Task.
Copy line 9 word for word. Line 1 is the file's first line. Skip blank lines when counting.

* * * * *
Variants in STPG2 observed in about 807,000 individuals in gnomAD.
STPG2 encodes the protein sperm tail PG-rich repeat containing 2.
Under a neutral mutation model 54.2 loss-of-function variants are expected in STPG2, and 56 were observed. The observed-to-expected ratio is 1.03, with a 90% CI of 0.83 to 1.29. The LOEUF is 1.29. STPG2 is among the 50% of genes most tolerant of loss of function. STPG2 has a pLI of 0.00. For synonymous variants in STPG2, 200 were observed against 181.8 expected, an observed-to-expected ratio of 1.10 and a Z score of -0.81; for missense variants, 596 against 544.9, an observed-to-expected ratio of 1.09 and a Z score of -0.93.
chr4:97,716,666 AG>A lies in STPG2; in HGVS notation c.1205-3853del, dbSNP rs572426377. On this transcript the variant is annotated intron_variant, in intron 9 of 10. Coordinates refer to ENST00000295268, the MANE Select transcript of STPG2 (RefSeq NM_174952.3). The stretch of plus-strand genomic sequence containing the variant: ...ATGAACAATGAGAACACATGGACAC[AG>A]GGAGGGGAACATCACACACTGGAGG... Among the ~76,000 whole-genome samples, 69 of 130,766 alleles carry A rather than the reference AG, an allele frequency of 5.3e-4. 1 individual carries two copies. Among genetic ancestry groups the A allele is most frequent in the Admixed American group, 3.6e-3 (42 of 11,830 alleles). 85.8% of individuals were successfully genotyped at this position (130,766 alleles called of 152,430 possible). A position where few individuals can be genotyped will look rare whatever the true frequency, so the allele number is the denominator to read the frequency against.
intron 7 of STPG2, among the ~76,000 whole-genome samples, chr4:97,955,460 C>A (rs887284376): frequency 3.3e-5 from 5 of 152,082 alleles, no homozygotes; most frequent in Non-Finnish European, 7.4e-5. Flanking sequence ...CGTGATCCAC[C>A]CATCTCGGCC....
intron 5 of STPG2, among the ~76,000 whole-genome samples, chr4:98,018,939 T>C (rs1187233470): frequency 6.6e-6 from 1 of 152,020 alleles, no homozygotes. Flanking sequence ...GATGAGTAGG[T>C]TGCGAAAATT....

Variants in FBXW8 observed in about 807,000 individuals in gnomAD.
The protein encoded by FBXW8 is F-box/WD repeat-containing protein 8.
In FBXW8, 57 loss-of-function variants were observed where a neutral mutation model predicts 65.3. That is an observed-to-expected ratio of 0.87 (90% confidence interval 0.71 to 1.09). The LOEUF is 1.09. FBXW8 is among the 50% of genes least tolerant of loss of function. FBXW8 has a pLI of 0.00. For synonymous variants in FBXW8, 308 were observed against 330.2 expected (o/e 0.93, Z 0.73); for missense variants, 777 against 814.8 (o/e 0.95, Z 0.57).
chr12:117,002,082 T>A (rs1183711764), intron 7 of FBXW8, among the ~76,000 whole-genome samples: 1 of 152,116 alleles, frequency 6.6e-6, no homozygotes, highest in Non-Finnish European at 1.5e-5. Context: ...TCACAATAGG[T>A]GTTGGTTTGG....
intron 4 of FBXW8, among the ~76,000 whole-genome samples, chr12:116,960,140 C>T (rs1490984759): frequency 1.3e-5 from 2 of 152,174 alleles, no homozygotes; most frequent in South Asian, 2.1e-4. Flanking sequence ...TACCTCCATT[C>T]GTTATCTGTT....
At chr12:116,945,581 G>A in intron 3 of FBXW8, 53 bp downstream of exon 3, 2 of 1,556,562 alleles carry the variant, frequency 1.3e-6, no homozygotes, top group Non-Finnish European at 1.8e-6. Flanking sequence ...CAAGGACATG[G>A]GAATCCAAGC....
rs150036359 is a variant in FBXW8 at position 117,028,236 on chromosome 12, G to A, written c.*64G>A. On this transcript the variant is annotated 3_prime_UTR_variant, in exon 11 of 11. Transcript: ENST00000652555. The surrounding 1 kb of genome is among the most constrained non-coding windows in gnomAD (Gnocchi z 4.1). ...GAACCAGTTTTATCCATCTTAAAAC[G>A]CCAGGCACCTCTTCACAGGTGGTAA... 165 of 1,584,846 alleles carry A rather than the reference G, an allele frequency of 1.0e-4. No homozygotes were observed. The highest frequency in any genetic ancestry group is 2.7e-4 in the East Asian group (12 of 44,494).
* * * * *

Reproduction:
In FBXW8, 57 loss-of-function variants were observed where a neutral mutation model predicts 65.3. That is an observed-to-expected ratio of 0.87 (90% confidence interval 0.71 to 1.09). The LOEUF is 1.09. FBXW8 is among the 50% of genes least tolerant of loss of function. FBXW8 has a pLI of 0.00. For synonymous variants in FBXW8, 308 were observed against 330.2 expected (o/e 0.93, Z 0.73); for missense variants, 777 against 814.8 (o/e 0.95, Z 0.57).